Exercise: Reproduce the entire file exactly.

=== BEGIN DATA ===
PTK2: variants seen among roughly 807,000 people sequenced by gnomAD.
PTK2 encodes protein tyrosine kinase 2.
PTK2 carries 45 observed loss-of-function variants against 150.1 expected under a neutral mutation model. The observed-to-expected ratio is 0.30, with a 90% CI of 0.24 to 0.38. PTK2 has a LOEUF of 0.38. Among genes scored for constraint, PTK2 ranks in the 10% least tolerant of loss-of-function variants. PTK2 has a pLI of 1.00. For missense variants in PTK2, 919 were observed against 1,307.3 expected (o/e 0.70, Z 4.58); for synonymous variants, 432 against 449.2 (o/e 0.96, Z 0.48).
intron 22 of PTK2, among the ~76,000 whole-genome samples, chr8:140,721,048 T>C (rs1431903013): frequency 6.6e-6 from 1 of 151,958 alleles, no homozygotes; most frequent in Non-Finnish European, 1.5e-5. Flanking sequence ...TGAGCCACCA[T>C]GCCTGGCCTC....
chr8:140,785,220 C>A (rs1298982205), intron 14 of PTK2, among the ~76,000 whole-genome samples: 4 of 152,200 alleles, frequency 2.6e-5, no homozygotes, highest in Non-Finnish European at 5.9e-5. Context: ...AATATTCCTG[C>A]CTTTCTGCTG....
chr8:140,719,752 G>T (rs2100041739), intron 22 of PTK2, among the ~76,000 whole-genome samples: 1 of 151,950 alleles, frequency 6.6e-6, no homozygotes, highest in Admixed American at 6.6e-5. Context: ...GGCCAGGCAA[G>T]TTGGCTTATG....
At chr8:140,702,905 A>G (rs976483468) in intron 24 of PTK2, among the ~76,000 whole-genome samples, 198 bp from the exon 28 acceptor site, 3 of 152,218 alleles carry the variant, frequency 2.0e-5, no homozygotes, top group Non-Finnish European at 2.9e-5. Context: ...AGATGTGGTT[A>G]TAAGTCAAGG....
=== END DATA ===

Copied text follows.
PTK2: variants seen among roughly 807,000 people sequenced by gnomAD.
PTK2 encodes protein tyrosine kinase 2.
PTK2 carries 45 observed loss-of-function variants against 150.1 expected under a neutral mutation model. The observed-to-expected ratio is 0.30, with a 90% CI of 0.24 to 0.38. PTK2 has a LOEUF of 0.38. Among genes scored for constraint, PTK2 ranks in the 10% least tolerant of loss-of-function variants. PTK2 has a pLI of 1.00. For missense variants in PTK2, 919 were observed against 1,307.3 expected (o/e 0.70, Z 4.58); for synonymous variants, 432 against 449.2 (o/e 0.96, Z 0.48).
intron 22 of PTK2, among the ~76,000 whole-genome samples, chr8:140,721,048 T>C (rs1431903013): frequency 6.6e-6 from 1 of 151,958 alleles, no homozygotes; most frequent in Non-Finnish European, 1.5e-5. Flanking sequence ...TGAGCCACCA[T>C]GCCTGGCCTC....
chr8:140,785,220 C>A (rs1298982205), intron 14 of PTK2, among the ~76,000 whole-genome samples: 4 of 152,200 alleles, frequency 2.6e-5, no homozygotes, highest in Non-Finnish European at 5.9e-5. Context: ...AATATTCCTG[C>A]CTTTCTGCTG....
chr8:140,719,752 G>T (rs2100041739), intron 22 of PTK2, among the ~76,000 whole-genome samples: 1 of 151,950 alleles, frequency 6.6e-6, no homozygotes, highest in Admixed American at 6.6e-5. Context: ...GGCCAGGCAA[G>T]TTGGCTTATG....
At chr8:140,702,905 A>G (rs976483468) in intron 24 of PTK2, among the ~76,000 whole-genome samples, 198 bp from the exon 28 acceptor site, 3 of 152,218 alleles carry the variant, frequency 2.0e-5, no homozygotes, top group Non-Finnish European at 2.9e-5. Context: ...AGATGTGGTT[A>G]TAAGTCAAGG....